Theresa May will urge the EU to help get her Brexit deal through the Commons by agreeing legally binding changes to the controversial backstop.
On Friday, she’ll say the EU’s actions will “have a big impact on the outcome” when MPs vote on it next week.
But Labour’s Sir Keir Starmer said it was now “clear” the PM “will not be able to deliver the changes she promised to her failed Brexit deal”.
The EU says the UK must come forward with new ideas to break the deadlock.
The UK is due to leave on 29 March.
Mrs May will visit workers in Grimsby, Lincolnshire on Friday, days before the second “meaningful vote” in the House of Commons on the withdrawal deal she has negotiated with the EU.
She will tell them: “Just as MPs will face a big choice next week, the EU has to make a choice too.
“We are both participants in this process. It is in the European interest for the UK to leave with a deal.
“We are working with them but the decisions that the European Union makes over the next few days will have a big impact on the outcome of the vote.”
BBC political correspondent Ben Wright said making a public appeal to the EU for compromise just four days before the vote was an admission of how tough negotiations with the EU were proving.
What is the sticking point?
The first vote, in January, saw the deal rejected by 432 votes to 202, the largest defeat for a sitting government in history.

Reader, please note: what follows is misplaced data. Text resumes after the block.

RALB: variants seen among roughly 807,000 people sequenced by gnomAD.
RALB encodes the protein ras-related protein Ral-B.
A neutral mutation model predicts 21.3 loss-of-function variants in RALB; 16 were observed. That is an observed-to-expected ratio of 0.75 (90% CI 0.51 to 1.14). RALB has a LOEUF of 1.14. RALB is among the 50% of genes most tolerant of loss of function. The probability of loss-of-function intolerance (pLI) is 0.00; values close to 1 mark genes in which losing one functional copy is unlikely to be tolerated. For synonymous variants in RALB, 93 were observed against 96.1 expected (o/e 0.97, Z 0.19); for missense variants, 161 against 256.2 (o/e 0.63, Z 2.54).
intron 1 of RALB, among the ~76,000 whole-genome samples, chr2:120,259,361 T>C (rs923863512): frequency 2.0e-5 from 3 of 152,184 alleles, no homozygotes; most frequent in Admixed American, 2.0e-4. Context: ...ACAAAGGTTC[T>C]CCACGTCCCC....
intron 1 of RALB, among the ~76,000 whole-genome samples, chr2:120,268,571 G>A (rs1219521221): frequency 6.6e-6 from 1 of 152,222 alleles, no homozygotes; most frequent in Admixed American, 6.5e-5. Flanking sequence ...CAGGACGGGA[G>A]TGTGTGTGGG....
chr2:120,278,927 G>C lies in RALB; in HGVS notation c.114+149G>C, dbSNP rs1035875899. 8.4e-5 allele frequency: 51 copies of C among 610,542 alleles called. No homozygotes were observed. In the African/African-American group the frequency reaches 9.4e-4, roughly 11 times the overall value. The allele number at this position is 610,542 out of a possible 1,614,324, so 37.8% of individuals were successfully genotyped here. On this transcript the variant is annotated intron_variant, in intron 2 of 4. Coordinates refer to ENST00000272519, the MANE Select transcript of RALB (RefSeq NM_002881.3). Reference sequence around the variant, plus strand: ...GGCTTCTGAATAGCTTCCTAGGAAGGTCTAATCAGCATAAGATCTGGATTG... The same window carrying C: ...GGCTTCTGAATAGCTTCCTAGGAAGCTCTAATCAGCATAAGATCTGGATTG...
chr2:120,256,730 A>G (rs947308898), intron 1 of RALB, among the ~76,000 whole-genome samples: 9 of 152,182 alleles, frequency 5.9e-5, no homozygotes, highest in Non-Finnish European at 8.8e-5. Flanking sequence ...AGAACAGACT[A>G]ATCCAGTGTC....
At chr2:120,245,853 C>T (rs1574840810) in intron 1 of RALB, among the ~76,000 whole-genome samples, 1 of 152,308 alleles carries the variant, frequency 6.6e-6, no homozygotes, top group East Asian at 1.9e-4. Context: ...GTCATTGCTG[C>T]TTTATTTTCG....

Mrs May is seeking legally-enforceable changes to the “backstop” – a controversial insurance policy designed to prevent physical checks on the border between Northern Ireland and the Republic of Ireland – but there have been few visible signs of progress.
Leading Brexiteers are looking for reassurances that the backstop – which would see the UK aligned with EU customs rules until the two sides’ future relationship is agreed or alternative arrangements worked out – will not endure indefinitely.
The European Commission said on Wednesday that “no solution has been identified” to the Irish backstop and it has refused to rewrite the withdrawal deal already struck, which is designed to ensure an orderly Brexit on 29 March and pave the way for trade talks.
But UK attorney general Geoffrey Cox said UK plans to solve the issue were “as clear as day” and talks with the EU would “almost certainly” continue throughout the weekend.
What does Labour say?
The Labour leadership wants the UK to remain in a customs union with the EU and Jeremy Corbyn met some Conservative MPs on Wednesday to discuss alternatives to the prime minister’s deal, if it is again rejected by Parliament.
Shadow Brexit secretary Sir Keir Starmer said: “It’s becoming increasingly clear that Theresa May will not be able to deliver the changes she promised to her failed Brexit deal. This speech looks set to be an admission of failure.
“After two years of negotiation, the government is simply incapable of delivering a Brexit deal that protects jobs, the economy and people’s livelihoods.”